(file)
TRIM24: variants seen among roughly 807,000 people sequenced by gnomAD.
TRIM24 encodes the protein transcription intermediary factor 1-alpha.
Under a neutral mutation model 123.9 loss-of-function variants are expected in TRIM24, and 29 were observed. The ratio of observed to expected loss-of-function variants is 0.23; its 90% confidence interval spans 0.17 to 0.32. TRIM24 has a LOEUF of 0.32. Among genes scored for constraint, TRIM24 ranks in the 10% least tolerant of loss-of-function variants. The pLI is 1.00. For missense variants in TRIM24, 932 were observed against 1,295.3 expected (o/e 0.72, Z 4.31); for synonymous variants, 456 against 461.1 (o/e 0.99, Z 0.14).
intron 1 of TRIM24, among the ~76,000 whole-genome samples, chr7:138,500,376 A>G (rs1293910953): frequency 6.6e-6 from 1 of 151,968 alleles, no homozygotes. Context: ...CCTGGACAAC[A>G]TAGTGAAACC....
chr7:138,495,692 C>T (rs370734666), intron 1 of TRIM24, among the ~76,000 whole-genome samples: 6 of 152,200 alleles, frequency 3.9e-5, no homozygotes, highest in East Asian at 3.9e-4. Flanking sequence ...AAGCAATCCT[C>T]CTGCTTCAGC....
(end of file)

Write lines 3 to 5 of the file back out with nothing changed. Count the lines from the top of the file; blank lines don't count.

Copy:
Under a neutral mutation model 123.9 loss-of-function variants are expected in TRIM24, and 29 were observed. The ratio of observed to expected loss-of-function variants is 0.23; its 90% confidence interval spans 0.17 to 0.32. TRIM24 has a LOEUF of 0.32. Among genes scored for constraint, TRIM24 ranks in the 10% least tolerant of loss-of-function variants. The pLI is 1.00. For missense variants in TRIM24, 932 were observed against 1,295.3 expected (o/e 0.72, Z 4.31); for synonymous variants, 456 against 461.1 (o/e 0.99, Z 0.14).
intron 1 of TRIM24, among the ~76,000 whole-genome samples, chr7:138,500,376 A>G (rs1293910953): frequency 6.6e-6 from 1 of 151,968 alleles, no homozygotes. Context: ...CCTGGACAAC[A>G]TAGTGAAACC....
chr7:138,495,692 C>T (rs370734666), intron 1 of TRIM24, among the ~76,000 whole-genome samples: 6 of 152,200 alleles, frequency 3.9e-5, no homozygotes, highest in East Asian at 3.9e-4. Flanking sequence ...AAGCAATCCT[C>T]CTGCTTCAGC....